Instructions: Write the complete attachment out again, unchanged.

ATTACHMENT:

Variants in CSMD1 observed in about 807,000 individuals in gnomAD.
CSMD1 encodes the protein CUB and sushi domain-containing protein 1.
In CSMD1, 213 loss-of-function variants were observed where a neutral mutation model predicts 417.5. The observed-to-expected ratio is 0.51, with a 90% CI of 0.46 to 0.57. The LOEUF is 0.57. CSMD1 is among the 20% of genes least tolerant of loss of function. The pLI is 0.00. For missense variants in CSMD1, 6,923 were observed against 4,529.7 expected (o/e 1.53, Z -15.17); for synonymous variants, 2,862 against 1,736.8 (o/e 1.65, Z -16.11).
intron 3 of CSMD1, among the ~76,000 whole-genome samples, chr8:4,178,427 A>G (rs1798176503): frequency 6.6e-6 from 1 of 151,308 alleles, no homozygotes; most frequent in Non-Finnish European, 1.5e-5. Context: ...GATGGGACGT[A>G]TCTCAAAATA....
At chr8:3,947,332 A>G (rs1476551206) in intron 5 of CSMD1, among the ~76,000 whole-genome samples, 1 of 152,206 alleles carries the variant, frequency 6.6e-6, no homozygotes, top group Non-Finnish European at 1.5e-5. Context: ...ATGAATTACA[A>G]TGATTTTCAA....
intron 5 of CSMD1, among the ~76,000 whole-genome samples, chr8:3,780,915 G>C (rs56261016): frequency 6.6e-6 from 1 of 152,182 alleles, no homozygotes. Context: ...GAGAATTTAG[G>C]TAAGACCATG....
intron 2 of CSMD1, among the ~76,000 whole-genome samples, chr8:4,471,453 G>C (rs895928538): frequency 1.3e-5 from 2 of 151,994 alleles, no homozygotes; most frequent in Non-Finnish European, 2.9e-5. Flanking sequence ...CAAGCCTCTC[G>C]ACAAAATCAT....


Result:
Variants in CSMD1 observed in about 807,000 individuals in gnomAD.
CSMD1 encodes the protein CUB and sushi domain-containing protein 1.
In CSMD1, 213 loss-of-function variants were observed where a neutral mutation model predicts 417.5. The observed-to-expected ratio is 0.51, with a 90% CI of 0.46 to 0.57. The LOEUF is 0.57. CSMD1 is among the 20% of genes least tolerant of loss of function. The pLI is 0.00. For missense variants in CSMD1, 6,923 were observed against 4,529.7 expected (o/e 1.53, Z -15.17); for synonymous variants, 2,862 against 1,736.8 (o/e 1.65, Z -16.11).
intron 3 of CSMD1, among the ~76,000 whole-genome samples, chr8:4,178,427 A>G (rs1798176503): frequency 6.6e-6 from 1 of 151,308 alleles, no homozygotes; most frequent in Non-Finnish European, 1.5e-5. Context: ...GATGGGACGT[A>G]TCTCAAAATA....
At chr8:3,947,332 A>G (rs1476551206) in intron 5 of CSMD1, among the ~76,000 whole-genome samples, 1 of 152,206 alleles carries the variant, frequency 6.6e-6, no homozygotes, top group Non-Finnish European at 1.5e-5. Context: ...ATGAATTACA[A>G]TGATTTTCAA....
intron 5 of CSMD1, among the ~76,000 whole-genome samples, chr8:3,780,915 G>C (rs56261016): frequency 6.6e-6 from 1 of 152,182 alleles, no homozygotes. Context: ...GAGAATTTAG[G>C]TAAGACCATG....
intron 2 of CSMD1, among the ~76,000 whole-genome samples, chr8:4,471,453 G>C (rs895928538): frequency 1.3e-5 from 2 of 151,994 alleles, no homozygotes; most frequent in Non-Finnish European, 2.9e-5. Flanking sequence ...CAAGCCTCTC[G>C]ACAAAATCAT....